While wrapping up my appointment, we received a call from my mother-in-law to get to the doctor's’ office immediately, where we heard the words no parent ever wants to hear: “Your child has cancer.”
Hannah was just 6, and the X-rays showed a large tumor on her right femur, which was indicative of bone cancer. This was beyond devastating news. We came to the decision that my wife would continue working and caring for our oldest daughter, while I would stay with Hannah at the hospital during her treatments, which began with 10 rounds of chemotherapy with surgery.
The surgery was a success, but Hannah would need an additional seven months of chemotherapy. It was during this time that I saw God’s plan – my child’s well-being had become my new full-time job. I would be whatever she needed me to be. I had a renewed sense of purpose. After 13 months of battling cancer, we were told that Hannah’s cancer was in remission. She has been cancer-free for three years now. She is my hero.
Setting my own priorities
It took a while for our family to ease back into a new “normal” way of life and for me to make my own disability a priority. I finally began rehabilitation classes at Bosma Enterprises in November 2009. I learned how to cook safely, make minor repairs within the home, read braille, and negotiate obstacles. I graduated from the rehabilitation program and decided that I wanted to pursue my bachelor’s degree. I realized then that I would need a guide dog to assist me with navigating the public transportation system, as well as on campus.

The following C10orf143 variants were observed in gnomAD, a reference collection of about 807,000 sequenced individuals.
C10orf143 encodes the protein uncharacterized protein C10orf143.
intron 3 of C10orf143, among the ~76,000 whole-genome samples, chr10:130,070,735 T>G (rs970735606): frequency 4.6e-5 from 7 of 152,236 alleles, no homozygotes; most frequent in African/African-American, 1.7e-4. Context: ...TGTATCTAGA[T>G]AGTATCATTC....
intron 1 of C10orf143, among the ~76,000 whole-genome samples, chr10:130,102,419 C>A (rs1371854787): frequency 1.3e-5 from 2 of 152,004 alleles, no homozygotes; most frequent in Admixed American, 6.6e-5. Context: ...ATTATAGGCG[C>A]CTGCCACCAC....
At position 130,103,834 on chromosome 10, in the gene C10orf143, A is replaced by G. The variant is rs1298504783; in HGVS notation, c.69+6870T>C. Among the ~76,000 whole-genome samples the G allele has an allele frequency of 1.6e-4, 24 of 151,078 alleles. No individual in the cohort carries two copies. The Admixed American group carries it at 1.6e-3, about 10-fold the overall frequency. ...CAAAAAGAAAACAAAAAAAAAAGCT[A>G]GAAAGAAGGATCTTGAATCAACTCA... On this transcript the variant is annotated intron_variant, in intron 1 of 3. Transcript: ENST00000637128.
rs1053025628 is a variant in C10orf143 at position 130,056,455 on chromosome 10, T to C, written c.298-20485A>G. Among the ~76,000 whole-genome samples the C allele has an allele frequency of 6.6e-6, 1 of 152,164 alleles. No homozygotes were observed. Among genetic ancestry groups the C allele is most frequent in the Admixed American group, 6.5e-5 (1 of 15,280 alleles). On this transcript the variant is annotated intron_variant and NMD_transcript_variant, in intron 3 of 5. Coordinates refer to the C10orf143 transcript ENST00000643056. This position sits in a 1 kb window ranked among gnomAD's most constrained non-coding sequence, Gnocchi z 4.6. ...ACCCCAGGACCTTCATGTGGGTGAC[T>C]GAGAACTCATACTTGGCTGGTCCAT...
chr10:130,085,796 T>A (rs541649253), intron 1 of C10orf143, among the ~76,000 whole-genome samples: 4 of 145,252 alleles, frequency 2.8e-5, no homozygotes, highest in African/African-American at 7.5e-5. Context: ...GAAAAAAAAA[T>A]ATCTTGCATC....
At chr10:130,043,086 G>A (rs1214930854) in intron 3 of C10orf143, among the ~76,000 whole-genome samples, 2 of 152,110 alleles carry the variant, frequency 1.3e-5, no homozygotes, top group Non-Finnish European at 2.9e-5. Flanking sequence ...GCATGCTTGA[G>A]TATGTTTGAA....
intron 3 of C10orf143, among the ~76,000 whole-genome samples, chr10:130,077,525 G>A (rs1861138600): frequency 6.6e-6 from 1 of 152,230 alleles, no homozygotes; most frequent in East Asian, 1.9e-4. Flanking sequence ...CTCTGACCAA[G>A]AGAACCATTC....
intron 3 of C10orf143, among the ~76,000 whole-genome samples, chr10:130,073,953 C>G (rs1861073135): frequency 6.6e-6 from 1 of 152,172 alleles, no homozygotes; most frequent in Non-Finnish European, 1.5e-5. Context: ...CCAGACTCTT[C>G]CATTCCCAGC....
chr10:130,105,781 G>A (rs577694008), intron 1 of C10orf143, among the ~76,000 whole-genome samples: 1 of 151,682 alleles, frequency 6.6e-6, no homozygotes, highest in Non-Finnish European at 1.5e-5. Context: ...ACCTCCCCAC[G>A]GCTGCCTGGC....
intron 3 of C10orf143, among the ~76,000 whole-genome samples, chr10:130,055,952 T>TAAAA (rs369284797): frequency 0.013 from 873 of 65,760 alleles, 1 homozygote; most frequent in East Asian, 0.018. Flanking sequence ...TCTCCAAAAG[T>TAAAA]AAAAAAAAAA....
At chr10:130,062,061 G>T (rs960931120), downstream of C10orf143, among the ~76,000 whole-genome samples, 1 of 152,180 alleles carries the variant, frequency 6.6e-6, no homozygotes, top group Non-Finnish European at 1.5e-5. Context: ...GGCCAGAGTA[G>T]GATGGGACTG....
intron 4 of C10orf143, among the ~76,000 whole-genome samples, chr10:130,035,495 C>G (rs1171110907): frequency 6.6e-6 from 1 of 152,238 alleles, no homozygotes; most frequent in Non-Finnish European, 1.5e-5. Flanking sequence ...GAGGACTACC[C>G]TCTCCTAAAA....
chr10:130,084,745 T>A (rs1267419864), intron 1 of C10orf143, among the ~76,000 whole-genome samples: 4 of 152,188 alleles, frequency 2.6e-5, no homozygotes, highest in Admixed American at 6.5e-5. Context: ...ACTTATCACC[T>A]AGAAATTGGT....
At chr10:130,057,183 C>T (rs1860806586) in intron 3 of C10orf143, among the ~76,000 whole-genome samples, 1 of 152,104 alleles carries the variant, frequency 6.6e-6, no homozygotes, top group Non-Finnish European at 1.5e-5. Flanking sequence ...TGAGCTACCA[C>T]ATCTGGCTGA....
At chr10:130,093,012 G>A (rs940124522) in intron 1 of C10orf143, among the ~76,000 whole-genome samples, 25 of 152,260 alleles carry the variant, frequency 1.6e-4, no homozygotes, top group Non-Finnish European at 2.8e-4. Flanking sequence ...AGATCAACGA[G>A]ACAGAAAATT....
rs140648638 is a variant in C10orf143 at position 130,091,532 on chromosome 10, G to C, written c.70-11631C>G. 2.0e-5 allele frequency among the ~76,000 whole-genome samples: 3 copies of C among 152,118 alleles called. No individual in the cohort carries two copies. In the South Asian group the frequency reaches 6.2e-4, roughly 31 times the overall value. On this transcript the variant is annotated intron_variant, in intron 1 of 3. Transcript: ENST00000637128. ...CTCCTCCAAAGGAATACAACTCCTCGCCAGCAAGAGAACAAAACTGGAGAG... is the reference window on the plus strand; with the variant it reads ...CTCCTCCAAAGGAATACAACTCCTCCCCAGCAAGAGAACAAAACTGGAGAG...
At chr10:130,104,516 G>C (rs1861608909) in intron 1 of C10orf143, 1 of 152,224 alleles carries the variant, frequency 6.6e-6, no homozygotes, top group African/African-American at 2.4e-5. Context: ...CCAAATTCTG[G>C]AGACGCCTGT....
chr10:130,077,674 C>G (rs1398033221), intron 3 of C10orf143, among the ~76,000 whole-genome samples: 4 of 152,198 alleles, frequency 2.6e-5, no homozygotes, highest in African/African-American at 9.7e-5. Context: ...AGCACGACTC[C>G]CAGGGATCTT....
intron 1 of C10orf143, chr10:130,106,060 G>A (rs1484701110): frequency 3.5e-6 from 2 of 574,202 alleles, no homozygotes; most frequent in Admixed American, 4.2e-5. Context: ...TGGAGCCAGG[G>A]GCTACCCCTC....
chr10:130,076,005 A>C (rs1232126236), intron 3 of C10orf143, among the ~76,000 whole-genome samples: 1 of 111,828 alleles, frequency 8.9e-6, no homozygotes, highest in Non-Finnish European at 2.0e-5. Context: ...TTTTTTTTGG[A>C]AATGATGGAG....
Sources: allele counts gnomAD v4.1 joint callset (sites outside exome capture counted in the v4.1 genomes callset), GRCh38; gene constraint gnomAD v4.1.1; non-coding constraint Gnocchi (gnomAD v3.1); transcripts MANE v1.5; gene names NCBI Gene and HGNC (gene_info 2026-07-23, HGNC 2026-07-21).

I did some research and discussed my options with several of my visually impaired friends. I contacted several guide dog schools, but was most impressed by the Guide Dog Foundation. They were always timely in returning my calls, the staff was friendly, and the school seemed well organized. The Foundation sent me out a packet of information, as well as an application. The process was smooth and before too long, I was accepted and invited to an upcoming class.
A new path
In March 2011, I flew to New York to meet and train with my future guide dog. I had no idea was in store. On the second day, I was matched with a red Golden Retriever named Freddie with a great temperament. We bonded right away. The training I received with Freddie at the Guide Dog Foundation was phenomenal – it was varied and prepared me for almost any situation. The staff and trainers were very professional and courteous.
Freddie is all business when he’s in his harness, but once the harness comes off, he’s relaxed and playful. After three weeks of training, we graduated from the program and returned home.
Freddie adjusted quickly. He’s a part of our family, and we couldn’t be happier. I know that I chose the best facility from which to receive my guide dog. I depend on him daily, and he never lets me down. It is through him that I am able to recapture my independence!